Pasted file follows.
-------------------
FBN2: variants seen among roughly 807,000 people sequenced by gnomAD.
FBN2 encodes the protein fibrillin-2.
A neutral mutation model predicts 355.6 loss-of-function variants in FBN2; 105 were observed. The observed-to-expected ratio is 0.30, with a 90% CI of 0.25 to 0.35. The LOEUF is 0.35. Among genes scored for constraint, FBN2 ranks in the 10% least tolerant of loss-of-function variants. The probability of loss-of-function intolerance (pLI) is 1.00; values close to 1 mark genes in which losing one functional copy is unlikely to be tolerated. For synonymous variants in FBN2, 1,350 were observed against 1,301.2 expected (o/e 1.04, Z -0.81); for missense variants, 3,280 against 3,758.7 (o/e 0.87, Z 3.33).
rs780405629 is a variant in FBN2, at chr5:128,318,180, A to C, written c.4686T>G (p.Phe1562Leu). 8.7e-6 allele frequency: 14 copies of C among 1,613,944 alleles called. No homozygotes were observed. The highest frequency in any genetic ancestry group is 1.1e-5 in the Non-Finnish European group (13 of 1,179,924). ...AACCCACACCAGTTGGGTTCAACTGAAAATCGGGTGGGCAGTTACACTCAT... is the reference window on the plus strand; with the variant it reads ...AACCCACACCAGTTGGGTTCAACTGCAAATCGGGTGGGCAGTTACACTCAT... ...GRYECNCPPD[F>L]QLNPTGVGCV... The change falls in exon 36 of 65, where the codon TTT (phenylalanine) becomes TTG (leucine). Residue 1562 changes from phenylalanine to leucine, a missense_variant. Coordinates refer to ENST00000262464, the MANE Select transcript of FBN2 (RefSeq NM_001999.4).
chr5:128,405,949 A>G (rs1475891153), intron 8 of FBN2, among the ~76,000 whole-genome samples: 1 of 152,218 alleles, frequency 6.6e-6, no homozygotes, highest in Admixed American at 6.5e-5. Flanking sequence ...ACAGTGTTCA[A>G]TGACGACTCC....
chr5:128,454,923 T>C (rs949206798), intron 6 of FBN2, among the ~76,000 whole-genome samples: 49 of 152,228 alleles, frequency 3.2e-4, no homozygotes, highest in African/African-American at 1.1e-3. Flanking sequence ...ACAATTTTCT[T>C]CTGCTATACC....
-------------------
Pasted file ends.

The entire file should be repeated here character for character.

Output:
FBN2: variants seen among roughly 807,000 people sequenced by gnomAD.
FBN2 encodes the protein fibrillin-2.
A neutral mutation model predicts 355.6 loss-of-function variants in FBN2; 105 were observed. The observed-to-expected ratio is 0.30, with a 90% CI of 0.25 to 0.35. The LOEUF is 0.35. Among genes scored for constraint, FBN2 ranks in the 10% least tolerant of loss-of-function variants. The probability of loss-of-function intolerance (pLI) is 1.00; values close to 1 mark genes in which losing one functional copy is unlikely to be tolerated. For synonymous variants in FBN2, 1,350 were observed against 1,301.2 expected (o/e 1.04, Z -0.81); for missense variants, 3,280 against 3,758.7 (o/e 0.87, Z 3.33).
rs780405629 is a variant in FBN2, at chr5:128,318,180, A to C, written c.4686T>G (p.Phe1562Leu). 8.7e-6 allele frequency: 14 copies of C among 1,613,944 alleles called. No homozygotes were observed. The highest frequency in any genetic ancestry group is 1.1e-5 in the Non-Finnish European group (13 of 1,179,924). ...AACCCACACCAGTTGGGTTCAACTGAAAATCGGGTGGGCAGTTACACTCAT... is the reference window on the plus strand; with the variant it reads ...AACCCACACCAGTTGGGTTCAACTGCAAATCGGGTGGGCAGTTACACTCAT... ...GRYECNCPPD[F>L]QLNPTGVGCV... The change falls in exon 36 of 65, where the codon TTT (phenylalanine) becomes TTG (leucine). Residue 1562 changes from phenylalanine to leucine, a missense_variant. Coordinates refer to ENST00000262464, the MANE Select transcript of FBN2 (RefSeq NM_001999.4).
chr5:128,405,949 A>G (rs1475891153), intron 8 of FBN2, among the ~76,000 whole-genome samples: 1 of 152,218 alleles, frequency 6.6e-6, no homozygotes, highest in Admixed American at 6.5e-5. Flanking sequence ...ACAGTGTTCA[A>G]TGACGACTCC....
chr5:128,454,923 T>C (rs949206798), intron 6 of FBN2, among the ~76,000 whole-genome samples: 49 of 152,228 alleles, frequency 3.2e-4, no homozygotes, highest in African/African-American at 1.1e-3. Flanking sequence ...ACAATTTTCT[T>C]CTGCTATACC....